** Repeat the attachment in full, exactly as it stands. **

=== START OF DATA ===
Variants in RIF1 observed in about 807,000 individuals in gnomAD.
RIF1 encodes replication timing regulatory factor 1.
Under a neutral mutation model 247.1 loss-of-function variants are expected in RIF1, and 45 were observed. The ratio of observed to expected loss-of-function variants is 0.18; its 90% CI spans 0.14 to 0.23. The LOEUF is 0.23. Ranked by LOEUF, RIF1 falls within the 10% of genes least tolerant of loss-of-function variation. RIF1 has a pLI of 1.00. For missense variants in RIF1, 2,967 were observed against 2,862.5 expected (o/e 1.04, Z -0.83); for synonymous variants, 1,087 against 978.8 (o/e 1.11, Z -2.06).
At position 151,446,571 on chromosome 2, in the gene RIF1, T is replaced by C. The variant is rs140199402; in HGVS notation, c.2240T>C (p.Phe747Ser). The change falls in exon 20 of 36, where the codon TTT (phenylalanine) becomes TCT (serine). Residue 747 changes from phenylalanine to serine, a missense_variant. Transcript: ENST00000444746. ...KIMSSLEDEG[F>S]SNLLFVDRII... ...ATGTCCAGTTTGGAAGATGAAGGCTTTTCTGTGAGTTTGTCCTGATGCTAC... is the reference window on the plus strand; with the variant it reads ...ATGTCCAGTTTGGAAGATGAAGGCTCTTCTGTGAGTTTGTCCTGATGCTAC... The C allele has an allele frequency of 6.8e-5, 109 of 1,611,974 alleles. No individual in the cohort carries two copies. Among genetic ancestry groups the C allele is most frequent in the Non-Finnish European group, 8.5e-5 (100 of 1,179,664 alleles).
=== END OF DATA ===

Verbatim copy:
Variants in RIF1 observed in about 807,000 individuals in gnomAD.
RIF1 encodes replication timing regulatory factor 1.
Under a neutral mutation model 247.1 loss-of-function variants are expected in RIF1, and 45 were observed. The ratio of observed to expected loss-of-function variants is 0.18; its 90% CI spans 0.14 to 0.23. The LOEUF is 0.23. Ranked by LOEUF, RIF1 falls within the 10% of genes least tolerant of loss-of-function variation. RIF1 has a pLI of 1.00. For missense variants in RIF1, 2,967 were observed against 2,862.5 expected (o/e 1.04, Z -0.83); for synonymous variants, 1,087 against 978.8 (o/e 1.11, Z -2.06).
At position 151,446,571 on chromosome 2, in the gene RIF1, T is replaced by C. The variant is rs140199402; in HGVS notation, c.2240T>C (p.Phe747Ser). The change falls in exon 20 of 36, where the codon TTT (phenylalanine) becomes TCT (serine). Residue 747 changes from phenylalanine to serine, a missense_variant. Transcript: ENST00000444746. ...KIMSSLEDEG[F>S]SNLLFVDRII... ...ATGTCCAGTTTGGAAGATGAAGGCTTTTCTGTGAGTTTGTCCTGATGCTAC... is the reference window on the plus strand; with the variant it reads ...ATGTCCAGTTTGGAAGATGAAGGCTCTTCTGTGAGTTTGTCCTGATGCTAC... The C allele has an allele frequency of 6.8e-5, 109 of 1,611,974 alleles. No individual in the cohort carries two copies. Among genetic ancestry groups the C allele is most frequent in the Non-Finnish European group, 8.5e-5 (100 of 1,179,664 alleles).